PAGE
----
We rightfully think of Crash Bandicoot as a PlayStation icon. The manic mascot became the face of the brand in the ‘90s, even famously taunting other platform holders from their parking lots in TV ads. The character’s popularity waned as the 2000s progressed though, so you’d be forgiven if you thought Activision’s recent remakes of the original three Crash games plus Crash Team Racing are all there is to the series. Fortunately, Crash Bandicoot 4: It’s About Time from developer Toys for Bob seems poised to become the first high-quality new game in the platformer franchise since that original trilogy.
The Crash Bandicoot 4 demo consists of three levels, and two of them completely capture the magic of the originals by setting smart limitations and playing to the series’s strengths. A good Crash platformer will feel like a tight, exhilarating speedrun when played well, and this is a facet later sequels lost sight of. In games like Mind Over Mutant, levels were much too wide and progression came with an almost RPG-like element where players would build new skills on top of foundational skills.
This is doing too much, and it’s something the original games never suffered from. The original Crash Bandicoot had some depth perception issues, but this seems more like a flaw of the tech at the time, not poor design. It’s a game that always knew its limits, and those limits became strengths in the next two sequels that followed. Narrow levels carried players down the right path at all times, and every enemy encounter or platforming challenge felt instantly intuitive to resolve, save for the occasional surprise death trap.
In all its best outings, Crash is about execution, not discovery or empowerment or any other more modern design ideals that drive other games. Crash just doesn’t need those. That’s what Toys for Bob understands so well with Crash Bandicoot 4. Like before, it’s a game about seeing a level in front of you, knowing what you need to do immediately, then laughing through the failures of trying to do it.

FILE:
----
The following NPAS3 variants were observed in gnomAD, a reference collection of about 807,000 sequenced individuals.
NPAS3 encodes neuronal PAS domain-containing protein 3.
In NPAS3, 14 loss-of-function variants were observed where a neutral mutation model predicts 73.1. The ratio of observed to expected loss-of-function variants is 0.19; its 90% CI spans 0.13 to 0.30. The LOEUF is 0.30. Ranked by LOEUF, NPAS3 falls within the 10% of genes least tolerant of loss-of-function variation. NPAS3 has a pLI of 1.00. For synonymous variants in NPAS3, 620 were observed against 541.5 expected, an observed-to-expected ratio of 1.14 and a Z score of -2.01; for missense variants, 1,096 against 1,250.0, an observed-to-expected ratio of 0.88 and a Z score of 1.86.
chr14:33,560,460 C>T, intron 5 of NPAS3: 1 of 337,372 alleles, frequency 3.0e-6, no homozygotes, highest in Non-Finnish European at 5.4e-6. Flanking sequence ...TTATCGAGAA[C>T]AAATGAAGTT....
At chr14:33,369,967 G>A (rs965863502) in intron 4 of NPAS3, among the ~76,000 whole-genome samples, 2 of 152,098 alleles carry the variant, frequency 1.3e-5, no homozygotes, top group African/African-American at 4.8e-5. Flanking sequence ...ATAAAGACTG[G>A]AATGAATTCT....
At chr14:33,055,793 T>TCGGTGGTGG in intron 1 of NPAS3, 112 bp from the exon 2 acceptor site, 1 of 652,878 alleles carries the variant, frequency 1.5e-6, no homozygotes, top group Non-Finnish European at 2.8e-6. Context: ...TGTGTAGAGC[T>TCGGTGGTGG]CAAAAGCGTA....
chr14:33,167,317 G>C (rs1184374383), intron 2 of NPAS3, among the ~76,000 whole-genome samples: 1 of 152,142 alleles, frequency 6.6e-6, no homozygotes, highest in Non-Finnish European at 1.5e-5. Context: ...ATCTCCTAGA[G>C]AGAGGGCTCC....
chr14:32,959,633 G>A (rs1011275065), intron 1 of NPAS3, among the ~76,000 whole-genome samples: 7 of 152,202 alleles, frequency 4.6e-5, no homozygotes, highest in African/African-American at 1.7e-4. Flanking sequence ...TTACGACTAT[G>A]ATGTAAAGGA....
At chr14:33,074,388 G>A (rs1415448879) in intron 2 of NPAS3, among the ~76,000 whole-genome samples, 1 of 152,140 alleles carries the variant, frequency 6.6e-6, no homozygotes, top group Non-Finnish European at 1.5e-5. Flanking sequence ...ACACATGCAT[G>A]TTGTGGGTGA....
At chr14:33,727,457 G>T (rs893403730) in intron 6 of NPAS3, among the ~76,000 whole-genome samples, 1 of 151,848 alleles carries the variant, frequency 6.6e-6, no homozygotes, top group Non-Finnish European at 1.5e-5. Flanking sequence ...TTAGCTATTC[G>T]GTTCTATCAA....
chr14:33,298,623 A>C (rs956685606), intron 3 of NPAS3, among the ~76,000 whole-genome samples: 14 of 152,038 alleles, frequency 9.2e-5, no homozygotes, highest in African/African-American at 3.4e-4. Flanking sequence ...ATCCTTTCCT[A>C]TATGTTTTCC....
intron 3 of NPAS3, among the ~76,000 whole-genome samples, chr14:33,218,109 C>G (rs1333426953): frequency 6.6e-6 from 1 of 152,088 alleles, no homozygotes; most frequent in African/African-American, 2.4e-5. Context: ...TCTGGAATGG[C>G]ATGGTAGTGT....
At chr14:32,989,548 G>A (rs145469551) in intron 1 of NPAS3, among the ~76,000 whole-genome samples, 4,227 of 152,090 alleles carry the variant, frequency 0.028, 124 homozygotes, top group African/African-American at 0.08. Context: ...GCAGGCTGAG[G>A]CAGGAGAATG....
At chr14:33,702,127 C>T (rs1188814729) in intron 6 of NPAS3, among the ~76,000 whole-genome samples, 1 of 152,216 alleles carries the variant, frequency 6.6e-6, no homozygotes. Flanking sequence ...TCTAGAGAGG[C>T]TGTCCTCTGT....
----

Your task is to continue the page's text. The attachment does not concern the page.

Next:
It’s About Time appears to be the first Crash platformer since Warped to feel comfortable in its own orange fur. To take nothing away from Vicarious Visions’ work with Crash Bandicoot N. Sane Trilogy, Crash Bandicoot 4‘s goals are simply more daunting, and Toys for Bob seems to be up for the challenge.
The love for the series is blatant in a level like Dino Dash, which has players running toward the screen, away from an ever-chomping dinosaur. It’s familiar, but not rehashed. Nostalgic, but not cheap. Toys for Bob adds its own mechanics to this level type, like poison flowers and smashable bone fences that, unlike the mutant-steering of yesteryear, feel at home in the series. A bevy of new masks Crash can wear gives him different abilities, but they’re short-lived, level-specific items, like one that lets you briefly slow time or another that turns some objects into passable holograms.
If I didn’t know any better, I’d think the series’s original creators had made these levels and these mechanics. They still demand well-timed maneuvers, and they still don’t take more than a second to figure out. This cadence is important, and even in something weirder like Crash Bandicoot: Warped, where tiger-riding and underwater levels sprinkled in some wacky new mechanics regularly, a level never outlived its welcome. Crash Bandicoot 4 epitomizes that almost perfectly thus far.
I say almost because the last level in my play of the demo, starring a playable Neo Cortex, alters some mechanics for the worse. Without a double jump and with several abilities altered and remapped, it feels like the hidden levels seen in platformers of old that didn’t quite fit in with the main game. The problem, it seems, is these would-be sideshows will remain front and center. It’s just one example, but I worry these non-Crash missions may take away from the game’s wonderful pacing.
Maybe I shouldn’t worry though, as Coco’s missions have historically been great. However, with several playable characters in Crash Bandicoot 4, it may be that only the levels starring the titular hero truly recapture the magic. But for now, I’m holding out hope that this one example is simply that, because the rest of what I’ve seen is worth all the wumpa fruit in the world for Crash fans.